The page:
0

I am using Python 3.6.0 and having trouble with a project across several directories. The directory structure looks like this:

/project
/project/frontend

All the functionality of my frontend is finished and tested locally and lives in /project/frontend and I now want to connect it with my backend which lives in /project

So I changed into /project/frontend and ran display_page.py which contains the lines:

sys.path.append('../')
from text_algorithms import process_text

..where text_algorithms.py sits in /project and works fine when run from there. So it started running for a good thirty seconds then crashed, complaing that it couldn't find its pickle file which sits in /project There is never a problem when text_algorithms.py is run or imported from /project text_algorithms.py contains the lines:

with open('english_vocab.pickle', 'rb') as f:
    v = pickle.load(f)  

So I thought I could 'fool' it by running python frontend/display_page.py from the directory below but that created a different error, namely,

ModuleNotFoundError: No module named 'text_algorithms'

Does anyone know how to fix this? - how to make sure that it will not change where it looks for that file depending on where you call it from. Is there a proper way to deal with this situation?

It should find its file wherever it is run from.

  • Do you have __init__.py in the root and all its subdirectories? – EvgenyKolyakov Jun 27 '17 at 15:58
  • I read you don't need that in Python 3.3+ stackoverflow.com/questions/37139786/… – cardamom Jun 27 '17 at 15:59
  • If you are going to use sys.path hacks, then don't use relative paths: sys.path.append('../'). You should probably just add the root directory to your path environment variable. Perhaps inside a virtual environment. – juanpa.arrivillaga Jun 27 '17 at 16:29
  • Thanks, I did not know that was a hack how else are you supposed to import a function from a file in another directory? Looks like I've found a solution here read the absolute path then os.chdir to it but say if I'm using one hack to cancel out another. – cardamom Jun 27 '17 at 16:34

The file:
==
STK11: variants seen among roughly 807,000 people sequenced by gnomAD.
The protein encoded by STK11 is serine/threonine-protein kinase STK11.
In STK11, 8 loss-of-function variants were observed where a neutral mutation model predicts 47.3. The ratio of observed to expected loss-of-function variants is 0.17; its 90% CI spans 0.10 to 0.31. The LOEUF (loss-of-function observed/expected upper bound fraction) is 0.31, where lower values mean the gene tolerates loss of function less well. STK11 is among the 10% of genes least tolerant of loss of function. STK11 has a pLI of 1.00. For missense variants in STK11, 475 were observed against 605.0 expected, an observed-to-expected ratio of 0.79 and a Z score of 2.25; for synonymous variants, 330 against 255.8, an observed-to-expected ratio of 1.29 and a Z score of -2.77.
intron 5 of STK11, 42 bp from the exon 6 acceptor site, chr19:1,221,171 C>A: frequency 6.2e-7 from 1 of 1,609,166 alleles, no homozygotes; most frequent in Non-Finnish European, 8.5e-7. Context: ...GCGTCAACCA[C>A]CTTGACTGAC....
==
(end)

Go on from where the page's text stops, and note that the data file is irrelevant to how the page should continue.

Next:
• @juanpa.arrivillaga I had to add this ridiculously long line sys.path.append(os.path.join(os.path.dirname(os.path.realpath(__file__)), os.pardir)) from here in order to make that relative path thing foolproof – cardamom Jun 27 '17 at 18:11
1

You should import other modules of your project:

from frontend.text_algorithms import process_text

If in text_algorithms you want to access files relative to this module then you should use the value of __file__ which contains the file path to the particular module. With os.path you can obtain the directory and join it with the data file path.

For example:

file_path = os.path.join(
    os.path.split(__file__)[0],
    'some.file'
)
  • Thanks I also am thinking something with os.path and __file__ will fix it testing it out – cardamom Jun 27 '17 at 16:37
  • Yes, it works, thanks. Why did it take me 49 minutes to get it to work.. I don't think your import statement with the dot is different to the import..from method but it was those 4 lines os.path.join... in the file of the directory below that did it. I wish you had written something like dictionary_file = that thing took me a while to realise those 4 lines were not changing the path but simply creating a string with the correct path to the file, wherever it is called from. – cardamom Jun 27 '17 at 17:30

Your Answer

By clicking “Post Your Answer”, you agree to our terms of service, privacy policy and cookie policy

Not the answer you're looking for? Browse other questions tagged or ask your own question.